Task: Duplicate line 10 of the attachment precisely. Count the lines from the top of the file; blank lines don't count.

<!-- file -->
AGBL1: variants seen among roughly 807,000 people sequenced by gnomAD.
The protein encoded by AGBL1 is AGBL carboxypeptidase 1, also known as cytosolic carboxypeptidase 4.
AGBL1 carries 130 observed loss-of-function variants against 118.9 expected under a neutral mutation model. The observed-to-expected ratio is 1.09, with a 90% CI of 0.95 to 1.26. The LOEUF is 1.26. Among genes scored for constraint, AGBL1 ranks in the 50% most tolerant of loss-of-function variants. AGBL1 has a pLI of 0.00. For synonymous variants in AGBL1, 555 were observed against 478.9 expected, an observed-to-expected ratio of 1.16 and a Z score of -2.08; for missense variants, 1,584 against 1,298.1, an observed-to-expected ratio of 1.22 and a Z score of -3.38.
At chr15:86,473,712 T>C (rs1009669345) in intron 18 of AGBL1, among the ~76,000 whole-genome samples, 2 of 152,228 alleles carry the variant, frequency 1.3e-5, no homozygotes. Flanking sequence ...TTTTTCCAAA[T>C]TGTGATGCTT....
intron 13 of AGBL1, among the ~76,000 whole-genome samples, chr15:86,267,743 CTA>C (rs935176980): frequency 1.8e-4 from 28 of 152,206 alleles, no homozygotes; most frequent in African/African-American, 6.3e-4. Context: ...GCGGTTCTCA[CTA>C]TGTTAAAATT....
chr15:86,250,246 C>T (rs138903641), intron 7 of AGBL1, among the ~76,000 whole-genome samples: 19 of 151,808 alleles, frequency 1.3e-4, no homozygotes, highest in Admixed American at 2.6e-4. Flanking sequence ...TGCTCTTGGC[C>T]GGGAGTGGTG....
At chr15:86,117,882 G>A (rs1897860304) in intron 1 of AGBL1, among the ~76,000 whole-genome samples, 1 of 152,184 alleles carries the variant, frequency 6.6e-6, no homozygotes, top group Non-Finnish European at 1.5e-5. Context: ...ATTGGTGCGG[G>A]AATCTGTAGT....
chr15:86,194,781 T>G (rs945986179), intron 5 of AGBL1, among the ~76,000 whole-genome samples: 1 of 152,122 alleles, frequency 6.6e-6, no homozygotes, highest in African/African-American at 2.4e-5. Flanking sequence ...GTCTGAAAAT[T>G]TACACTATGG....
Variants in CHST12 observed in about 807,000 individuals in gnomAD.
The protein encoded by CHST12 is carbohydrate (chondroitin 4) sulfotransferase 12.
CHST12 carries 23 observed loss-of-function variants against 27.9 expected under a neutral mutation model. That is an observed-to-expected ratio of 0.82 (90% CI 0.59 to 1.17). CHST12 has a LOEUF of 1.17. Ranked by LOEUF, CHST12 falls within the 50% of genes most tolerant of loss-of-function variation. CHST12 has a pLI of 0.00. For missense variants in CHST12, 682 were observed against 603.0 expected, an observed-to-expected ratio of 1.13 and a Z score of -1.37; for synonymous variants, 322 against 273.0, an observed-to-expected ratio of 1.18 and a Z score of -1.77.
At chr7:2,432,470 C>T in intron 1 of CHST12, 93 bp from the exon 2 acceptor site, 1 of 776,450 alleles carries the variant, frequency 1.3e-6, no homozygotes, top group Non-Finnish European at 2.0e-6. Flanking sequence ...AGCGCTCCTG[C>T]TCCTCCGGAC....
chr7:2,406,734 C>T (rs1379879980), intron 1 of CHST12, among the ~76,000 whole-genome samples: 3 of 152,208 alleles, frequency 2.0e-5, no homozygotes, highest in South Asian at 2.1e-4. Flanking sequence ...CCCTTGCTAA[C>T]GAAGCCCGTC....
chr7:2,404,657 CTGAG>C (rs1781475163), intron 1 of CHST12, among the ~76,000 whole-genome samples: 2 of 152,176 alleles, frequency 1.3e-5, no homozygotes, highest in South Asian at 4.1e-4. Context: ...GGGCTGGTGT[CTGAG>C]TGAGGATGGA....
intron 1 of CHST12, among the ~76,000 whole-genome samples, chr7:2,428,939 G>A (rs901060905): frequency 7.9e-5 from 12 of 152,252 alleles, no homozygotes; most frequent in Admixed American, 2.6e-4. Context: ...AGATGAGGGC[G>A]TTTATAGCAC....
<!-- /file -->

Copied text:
The protein encoded by CHST12 is carbohydrate (chondroitin 4) sulfotransferase 12.